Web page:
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You know you're there when you see the bumper sticker on the car in the driveway that says "Happiness is loving a cat."
What you don't know at first is just how much Caprice and David Townsend truly believe that happiness is loving a cat.
They are in a large home west of Fort Lauderdale, with their entire lifestyle geared to Friendly Felines Inc., a non-profit rescue service for"wonderful tax-deductable cats of all shapes, colors, sizes, and ages." At this moment, their household supports more than thirty; sometimes twice that number are there. Thirteen are their own; the rest are just lucky.
"We have no children, just lots of kitties,"David says.
They have Hooey Gooey, so named because affection leads him to moistly mouth the clothing of favorite people. The Townsends feel that he should be forgiven for this because he was rescued from children who were trying to skin him. Now sewn back together, he's just fine except for this minor abberation. Among other "great" cats that share their home is Peanut Butter (same color as); Scottie, a Scottish Fold cat; Misty, an old fashioned Siamese (short legs and heavyset); Pearl, black with white feet; Cally, a calico; and Tiger Lilly, Wishbone, and Cuddles.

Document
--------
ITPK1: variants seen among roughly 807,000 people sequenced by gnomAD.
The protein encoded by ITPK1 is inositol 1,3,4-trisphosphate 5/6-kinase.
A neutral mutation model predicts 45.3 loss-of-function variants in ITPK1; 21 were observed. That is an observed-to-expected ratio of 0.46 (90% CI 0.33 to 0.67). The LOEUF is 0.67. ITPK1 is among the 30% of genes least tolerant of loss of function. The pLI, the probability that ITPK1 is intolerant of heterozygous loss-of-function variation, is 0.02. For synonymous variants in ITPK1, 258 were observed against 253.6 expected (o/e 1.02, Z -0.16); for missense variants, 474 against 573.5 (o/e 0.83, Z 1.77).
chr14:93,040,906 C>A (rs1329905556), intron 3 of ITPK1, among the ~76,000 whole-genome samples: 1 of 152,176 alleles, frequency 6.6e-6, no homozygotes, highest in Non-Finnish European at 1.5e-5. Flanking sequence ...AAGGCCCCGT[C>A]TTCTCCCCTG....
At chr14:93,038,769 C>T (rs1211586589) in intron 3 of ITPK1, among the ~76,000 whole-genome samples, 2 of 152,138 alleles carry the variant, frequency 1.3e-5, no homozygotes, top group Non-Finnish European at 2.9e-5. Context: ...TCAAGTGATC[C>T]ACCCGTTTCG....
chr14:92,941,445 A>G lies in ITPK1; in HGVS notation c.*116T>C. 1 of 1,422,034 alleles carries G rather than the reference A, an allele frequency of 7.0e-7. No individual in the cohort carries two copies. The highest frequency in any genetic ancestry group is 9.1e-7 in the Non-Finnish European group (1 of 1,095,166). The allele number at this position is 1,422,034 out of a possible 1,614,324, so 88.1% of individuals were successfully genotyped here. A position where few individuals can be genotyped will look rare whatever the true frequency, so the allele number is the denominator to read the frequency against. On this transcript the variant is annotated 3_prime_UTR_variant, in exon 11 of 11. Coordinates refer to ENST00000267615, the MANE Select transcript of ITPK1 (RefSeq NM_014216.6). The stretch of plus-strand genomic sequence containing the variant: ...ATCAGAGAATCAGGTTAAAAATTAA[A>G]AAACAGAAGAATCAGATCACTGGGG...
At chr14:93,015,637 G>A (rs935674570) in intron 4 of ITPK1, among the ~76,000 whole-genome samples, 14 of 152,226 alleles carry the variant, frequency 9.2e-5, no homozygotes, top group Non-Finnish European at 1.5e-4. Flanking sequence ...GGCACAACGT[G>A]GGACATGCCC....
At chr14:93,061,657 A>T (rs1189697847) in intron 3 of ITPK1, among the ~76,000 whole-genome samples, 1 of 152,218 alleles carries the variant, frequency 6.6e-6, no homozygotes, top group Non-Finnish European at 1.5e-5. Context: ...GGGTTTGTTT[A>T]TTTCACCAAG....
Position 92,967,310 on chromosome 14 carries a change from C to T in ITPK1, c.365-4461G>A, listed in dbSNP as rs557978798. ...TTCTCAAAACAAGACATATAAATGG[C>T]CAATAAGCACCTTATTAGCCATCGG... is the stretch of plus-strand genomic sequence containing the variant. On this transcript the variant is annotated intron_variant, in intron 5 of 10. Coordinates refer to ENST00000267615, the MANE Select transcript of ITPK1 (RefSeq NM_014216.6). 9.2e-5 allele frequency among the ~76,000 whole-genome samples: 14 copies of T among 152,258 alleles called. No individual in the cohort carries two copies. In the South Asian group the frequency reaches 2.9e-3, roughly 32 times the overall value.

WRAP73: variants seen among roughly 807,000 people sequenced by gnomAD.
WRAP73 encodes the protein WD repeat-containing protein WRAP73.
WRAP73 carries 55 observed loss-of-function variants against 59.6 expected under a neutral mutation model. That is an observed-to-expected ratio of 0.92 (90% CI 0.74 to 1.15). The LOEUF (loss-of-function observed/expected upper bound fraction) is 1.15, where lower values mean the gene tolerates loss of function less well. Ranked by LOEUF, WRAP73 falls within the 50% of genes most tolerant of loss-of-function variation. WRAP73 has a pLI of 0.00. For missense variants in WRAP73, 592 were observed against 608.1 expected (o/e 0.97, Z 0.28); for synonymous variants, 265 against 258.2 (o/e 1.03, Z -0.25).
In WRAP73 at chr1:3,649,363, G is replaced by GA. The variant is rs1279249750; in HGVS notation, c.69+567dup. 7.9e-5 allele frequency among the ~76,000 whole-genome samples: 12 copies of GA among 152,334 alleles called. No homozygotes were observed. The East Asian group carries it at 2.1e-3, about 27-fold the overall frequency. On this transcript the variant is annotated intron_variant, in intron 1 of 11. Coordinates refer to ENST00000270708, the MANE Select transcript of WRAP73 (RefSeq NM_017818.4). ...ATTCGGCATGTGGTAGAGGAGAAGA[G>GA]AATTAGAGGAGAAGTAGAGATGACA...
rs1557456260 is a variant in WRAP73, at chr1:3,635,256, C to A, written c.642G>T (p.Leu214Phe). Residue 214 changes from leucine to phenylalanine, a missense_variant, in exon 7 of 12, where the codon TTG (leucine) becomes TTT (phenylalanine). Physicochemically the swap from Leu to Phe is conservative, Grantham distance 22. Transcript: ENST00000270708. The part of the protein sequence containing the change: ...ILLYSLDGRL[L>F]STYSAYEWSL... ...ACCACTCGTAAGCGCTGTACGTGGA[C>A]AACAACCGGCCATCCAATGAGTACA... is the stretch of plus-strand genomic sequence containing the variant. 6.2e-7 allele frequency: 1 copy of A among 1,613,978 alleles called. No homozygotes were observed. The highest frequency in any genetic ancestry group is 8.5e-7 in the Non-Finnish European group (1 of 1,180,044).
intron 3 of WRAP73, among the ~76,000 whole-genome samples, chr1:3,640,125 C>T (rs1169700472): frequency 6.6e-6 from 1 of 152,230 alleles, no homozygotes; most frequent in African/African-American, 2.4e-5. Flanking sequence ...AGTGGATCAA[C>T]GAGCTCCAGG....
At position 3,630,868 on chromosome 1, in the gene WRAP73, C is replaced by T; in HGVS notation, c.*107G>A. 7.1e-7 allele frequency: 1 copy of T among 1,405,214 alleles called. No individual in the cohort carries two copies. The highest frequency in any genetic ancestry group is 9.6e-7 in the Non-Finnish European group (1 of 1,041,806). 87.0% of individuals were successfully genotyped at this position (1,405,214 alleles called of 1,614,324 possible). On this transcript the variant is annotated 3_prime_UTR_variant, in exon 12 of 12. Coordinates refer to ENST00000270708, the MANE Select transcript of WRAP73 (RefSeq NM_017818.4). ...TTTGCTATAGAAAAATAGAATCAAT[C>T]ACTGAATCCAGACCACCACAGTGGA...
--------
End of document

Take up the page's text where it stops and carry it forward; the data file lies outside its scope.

"We try not to take in bad cats," he says. "If the cat is not pleasant we don't feel a responsibility. If animals get a break they, too, should be appreciative and give back to life."
Aside from their own, and approximately one third that are rescued strays, the majority are house cats dropped off by owners who can no longer care for them.
These owners are charged from $50.00 to $65.00 for the privilege of leaving them, plus $5.00 to $8.00 monthly for food until a new home is found."Or, they can bring us food until a new home is found. Or, a cage. Anything," David says. "Unfortunately, people pay the drop off charge but few keep faith with the food money, which leaves us dipping into savings to keep going."
The entry charge immediately buys the cat spaying or neutering, shots of all kinds, a medical examination and medical treatment if needed. With the exception of seriously diseased or hopelessly injured cats, none is put to sleep.